27 February 2008
Students protest across Britain over university arms links
Students across Britain have today joined protests against their universities' links with the arms trade. With the support of Campaign Against Arms Trade (CAAT) they have called for an end to university arms investments and to the involvement of arms companies in academic research. At University College London (UCL), students dressed as arms dealers and sold fake weapons in the main quad. Students at Lancaster University attended an open-air debate and voted overwhelmingly against their university's links with BAE Systems. Demonstrations are under way at several universities, including Warwick, Manchester, Nottingham, Lancaster and Newcastle.
The protests follow a rise in student concern over the arms trade. In recent years, institutions including the University of Wales, Bangor and the prestigious School of Oriental and African Studies (SOAS) in London have divested from arms companies in response to campaigning by students and university staff.
Joanna Hill, a student at Lancaster University, said:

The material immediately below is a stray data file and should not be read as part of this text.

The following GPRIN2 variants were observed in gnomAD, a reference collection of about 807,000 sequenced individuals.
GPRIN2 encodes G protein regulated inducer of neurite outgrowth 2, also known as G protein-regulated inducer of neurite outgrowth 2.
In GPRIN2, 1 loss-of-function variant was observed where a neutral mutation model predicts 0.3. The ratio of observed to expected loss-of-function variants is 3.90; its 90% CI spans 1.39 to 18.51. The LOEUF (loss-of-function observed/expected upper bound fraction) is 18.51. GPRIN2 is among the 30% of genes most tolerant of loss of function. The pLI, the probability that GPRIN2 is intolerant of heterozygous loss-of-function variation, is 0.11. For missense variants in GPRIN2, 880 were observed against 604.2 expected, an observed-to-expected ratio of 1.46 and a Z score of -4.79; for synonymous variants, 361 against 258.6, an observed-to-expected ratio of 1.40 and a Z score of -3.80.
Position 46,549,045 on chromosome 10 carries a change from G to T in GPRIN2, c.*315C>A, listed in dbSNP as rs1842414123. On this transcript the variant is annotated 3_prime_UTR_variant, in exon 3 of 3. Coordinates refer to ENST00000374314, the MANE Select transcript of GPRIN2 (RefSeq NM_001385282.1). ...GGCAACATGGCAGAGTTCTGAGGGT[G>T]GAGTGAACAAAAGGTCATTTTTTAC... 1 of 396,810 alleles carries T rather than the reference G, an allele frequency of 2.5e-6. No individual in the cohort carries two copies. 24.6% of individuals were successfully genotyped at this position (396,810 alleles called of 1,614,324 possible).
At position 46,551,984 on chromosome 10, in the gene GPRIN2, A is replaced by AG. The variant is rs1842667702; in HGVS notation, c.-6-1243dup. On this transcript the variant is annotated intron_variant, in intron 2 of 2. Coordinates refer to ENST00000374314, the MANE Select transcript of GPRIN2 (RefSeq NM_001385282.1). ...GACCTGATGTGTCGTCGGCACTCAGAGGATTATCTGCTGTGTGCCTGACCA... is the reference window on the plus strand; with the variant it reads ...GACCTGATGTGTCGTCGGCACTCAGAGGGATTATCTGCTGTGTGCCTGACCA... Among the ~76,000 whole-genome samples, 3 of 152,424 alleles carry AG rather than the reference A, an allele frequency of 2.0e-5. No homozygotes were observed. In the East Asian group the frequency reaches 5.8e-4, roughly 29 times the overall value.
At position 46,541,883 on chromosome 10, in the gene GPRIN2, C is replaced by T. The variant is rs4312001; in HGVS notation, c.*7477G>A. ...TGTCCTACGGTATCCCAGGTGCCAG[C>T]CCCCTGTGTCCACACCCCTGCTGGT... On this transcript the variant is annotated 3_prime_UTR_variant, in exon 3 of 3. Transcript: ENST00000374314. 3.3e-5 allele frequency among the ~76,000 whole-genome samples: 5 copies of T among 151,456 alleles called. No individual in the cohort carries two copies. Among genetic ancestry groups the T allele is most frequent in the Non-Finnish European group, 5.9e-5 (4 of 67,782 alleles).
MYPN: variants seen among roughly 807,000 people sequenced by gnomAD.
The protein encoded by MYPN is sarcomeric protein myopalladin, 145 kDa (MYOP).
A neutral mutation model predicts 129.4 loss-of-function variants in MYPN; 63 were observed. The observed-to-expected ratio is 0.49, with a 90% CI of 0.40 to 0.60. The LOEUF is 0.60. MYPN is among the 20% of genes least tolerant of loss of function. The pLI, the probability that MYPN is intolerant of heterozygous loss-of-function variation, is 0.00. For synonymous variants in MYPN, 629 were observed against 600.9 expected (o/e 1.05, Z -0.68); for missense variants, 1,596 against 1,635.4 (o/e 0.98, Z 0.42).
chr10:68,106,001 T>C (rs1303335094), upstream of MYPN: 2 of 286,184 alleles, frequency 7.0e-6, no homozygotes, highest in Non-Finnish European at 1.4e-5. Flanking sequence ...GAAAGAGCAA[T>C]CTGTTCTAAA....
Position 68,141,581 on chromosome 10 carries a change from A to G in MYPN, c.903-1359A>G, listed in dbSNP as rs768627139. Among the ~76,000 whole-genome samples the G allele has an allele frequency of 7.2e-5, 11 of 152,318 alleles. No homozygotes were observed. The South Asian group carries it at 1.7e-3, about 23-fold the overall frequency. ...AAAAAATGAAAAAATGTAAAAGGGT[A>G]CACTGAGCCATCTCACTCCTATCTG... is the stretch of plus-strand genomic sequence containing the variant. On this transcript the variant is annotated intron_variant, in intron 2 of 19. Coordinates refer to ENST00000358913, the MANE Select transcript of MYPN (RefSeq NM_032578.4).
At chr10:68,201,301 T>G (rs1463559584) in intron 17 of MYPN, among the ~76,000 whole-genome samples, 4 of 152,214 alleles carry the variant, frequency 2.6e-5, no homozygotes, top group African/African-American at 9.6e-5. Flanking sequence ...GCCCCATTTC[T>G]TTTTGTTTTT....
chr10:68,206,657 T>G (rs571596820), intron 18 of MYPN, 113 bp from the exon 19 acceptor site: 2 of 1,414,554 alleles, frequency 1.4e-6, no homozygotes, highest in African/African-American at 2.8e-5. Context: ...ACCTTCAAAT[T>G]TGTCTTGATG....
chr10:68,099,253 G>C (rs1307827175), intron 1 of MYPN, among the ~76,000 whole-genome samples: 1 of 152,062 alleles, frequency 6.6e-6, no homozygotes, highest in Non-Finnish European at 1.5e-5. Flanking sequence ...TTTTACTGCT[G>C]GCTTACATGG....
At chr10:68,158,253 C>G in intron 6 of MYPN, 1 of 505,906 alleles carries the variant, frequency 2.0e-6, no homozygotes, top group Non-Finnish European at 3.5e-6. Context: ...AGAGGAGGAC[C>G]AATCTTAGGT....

"I've joined this protest because I don't want my fees funding BAE. Students across Britain have today campaigned for ethical investment and made clear that they do not want their universities supporting the arms trade."
1. Campaign Against Arms Trade (CAAT) works for the reduction and ultimate abolition of the international arms trade.
2. Today's events have been organised by students and student groups, with the support of CAAT and People & Planet . People & Planet is the largest student network in Britain campaigning to end world poverty, defend human rights and protect the environment.
3. The most recent information on universities' arms investments can be found here.
4. Information on the influence of arms companies on university research can be found at Study War No More. This is based on the report Study War No More, published by CAAT and the Fellowship of Reconciliation .
5. Spokespeople for CAAT, and students involved in the campaign, are available for interview.
6. Photographs of today's protests are available on request.
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